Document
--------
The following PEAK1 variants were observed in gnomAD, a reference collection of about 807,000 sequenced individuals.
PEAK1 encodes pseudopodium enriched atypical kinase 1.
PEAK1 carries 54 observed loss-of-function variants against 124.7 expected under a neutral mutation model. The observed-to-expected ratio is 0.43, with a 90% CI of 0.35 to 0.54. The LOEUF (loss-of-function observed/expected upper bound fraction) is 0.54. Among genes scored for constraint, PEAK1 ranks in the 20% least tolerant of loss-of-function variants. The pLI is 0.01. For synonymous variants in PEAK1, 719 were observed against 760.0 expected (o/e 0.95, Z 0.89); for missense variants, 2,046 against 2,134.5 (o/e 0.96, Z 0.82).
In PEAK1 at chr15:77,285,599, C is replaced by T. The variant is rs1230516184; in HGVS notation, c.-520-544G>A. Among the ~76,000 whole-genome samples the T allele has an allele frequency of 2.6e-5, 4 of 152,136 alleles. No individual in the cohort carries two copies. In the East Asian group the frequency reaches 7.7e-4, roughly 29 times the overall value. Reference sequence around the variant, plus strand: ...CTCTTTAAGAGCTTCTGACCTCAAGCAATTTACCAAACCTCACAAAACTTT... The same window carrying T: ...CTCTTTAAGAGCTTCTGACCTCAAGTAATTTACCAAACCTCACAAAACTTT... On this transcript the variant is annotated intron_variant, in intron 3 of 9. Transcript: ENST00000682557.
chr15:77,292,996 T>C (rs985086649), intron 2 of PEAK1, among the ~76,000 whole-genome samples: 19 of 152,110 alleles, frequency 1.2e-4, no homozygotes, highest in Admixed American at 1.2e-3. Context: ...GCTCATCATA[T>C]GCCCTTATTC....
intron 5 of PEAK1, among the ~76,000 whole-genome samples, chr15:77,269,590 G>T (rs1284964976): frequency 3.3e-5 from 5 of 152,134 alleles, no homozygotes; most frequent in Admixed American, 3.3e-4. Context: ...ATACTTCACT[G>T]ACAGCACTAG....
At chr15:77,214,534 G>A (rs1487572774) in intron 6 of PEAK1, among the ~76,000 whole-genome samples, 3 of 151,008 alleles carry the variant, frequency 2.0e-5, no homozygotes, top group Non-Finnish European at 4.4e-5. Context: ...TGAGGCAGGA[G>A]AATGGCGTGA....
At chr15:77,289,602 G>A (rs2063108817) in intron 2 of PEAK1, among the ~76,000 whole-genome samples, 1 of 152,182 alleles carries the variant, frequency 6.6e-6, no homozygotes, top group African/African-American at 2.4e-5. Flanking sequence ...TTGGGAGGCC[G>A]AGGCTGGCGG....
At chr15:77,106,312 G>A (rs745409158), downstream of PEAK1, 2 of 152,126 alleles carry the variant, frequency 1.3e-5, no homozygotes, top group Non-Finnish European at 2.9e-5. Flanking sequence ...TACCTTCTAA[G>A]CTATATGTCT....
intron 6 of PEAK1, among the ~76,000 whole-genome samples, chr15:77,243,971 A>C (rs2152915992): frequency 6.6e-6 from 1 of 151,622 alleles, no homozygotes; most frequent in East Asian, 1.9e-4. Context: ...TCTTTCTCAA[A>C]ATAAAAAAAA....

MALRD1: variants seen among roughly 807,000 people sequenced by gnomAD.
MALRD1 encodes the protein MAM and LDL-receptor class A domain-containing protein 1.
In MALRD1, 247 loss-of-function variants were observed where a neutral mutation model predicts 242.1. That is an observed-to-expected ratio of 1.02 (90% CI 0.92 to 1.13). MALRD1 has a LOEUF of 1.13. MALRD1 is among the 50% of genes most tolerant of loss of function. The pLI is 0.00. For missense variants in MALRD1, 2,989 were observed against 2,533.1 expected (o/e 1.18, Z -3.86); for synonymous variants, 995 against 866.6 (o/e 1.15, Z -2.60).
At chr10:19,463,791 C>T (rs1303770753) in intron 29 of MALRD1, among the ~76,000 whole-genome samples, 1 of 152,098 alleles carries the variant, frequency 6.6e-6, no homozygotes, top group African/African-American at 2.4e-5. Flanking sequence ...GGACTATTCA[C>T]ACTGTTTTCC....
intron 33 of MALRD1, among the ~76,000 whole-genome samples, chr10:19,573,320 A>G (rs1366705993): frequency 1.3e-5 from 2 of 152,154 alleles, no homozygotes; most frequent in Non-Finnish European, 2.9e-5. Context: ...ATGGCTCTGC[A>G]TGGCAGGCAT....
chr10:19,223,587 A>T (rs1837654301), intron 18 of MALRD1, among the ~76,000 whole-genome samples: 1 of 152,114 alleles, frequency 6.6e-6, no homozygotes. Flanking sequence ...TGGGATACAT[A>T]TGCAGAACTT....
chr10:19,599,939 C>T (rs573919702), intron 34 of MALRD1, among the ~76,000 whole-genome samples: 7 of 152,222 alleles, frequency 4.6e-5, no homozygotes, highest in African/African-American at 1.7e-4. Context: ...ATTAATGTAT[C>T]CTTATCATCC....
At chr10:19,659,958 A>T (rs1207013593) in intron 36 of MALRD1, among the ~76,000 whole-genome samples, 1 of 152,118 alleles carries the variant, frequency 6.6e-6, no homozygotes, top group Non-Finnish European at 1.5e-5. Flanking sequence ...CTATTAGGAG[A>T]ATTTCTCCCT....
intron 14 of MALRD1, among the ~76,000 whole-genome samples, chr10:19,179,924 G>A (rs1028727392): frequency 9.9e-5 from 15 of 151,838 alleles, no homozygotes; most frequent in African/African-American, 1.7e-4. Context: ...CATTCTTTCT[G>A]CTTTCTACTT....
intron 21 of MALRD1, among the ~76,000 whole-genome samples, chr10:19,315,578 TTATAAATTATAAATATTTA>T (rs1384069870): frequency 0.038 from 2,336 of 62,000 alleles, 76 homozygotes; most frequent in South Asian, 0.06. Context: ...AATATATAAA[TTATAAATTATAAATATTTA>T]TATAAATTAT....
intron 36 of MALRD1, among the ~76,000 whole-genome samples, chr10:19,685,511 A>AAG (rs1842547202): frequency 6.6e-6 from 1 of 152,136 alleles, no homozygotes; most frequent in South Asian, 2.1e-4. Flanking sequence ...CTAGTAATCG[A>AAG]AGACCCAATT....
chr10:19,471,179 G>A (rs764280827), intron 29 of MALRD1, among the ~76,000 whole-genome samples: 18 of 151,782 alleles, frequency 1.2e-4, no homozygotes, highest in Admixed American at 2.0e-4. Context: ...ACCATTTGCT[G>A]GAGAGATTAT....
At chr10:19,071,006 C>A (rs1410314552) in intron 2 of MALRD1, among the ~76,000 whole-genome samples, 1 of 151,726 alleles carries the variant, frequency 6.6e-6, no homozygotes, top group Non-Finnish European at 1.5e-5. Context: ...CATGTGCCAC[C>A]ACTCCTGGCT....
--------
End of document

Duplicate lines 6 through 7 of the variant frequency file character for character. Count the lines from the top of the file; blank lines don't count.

intron 5 of PEAK1, among the ~76,000 whole-genome samples, chr15:77,269,590 G>T (rs1284964976): frequency 3.3e-5 from 5 of 152,134 alleles, no homozygotes; most frequent in Admixed American, 3.3e-4. Context: ...ATACTTCACT[G>T]ACAGCACTAG....
At chr15:77,214,534 G>A (rs1487572774) in intron 6 of PEAK1, among the ~76,000 whole-genome samples, 3 of 151,008 alleles carry the variant, frequency 2.0e-5, no homozygotes, top group Non-Finnish European at 4.4e-5. Context: ...TGAGGCAGGA[G>A]AATGGCGTGA....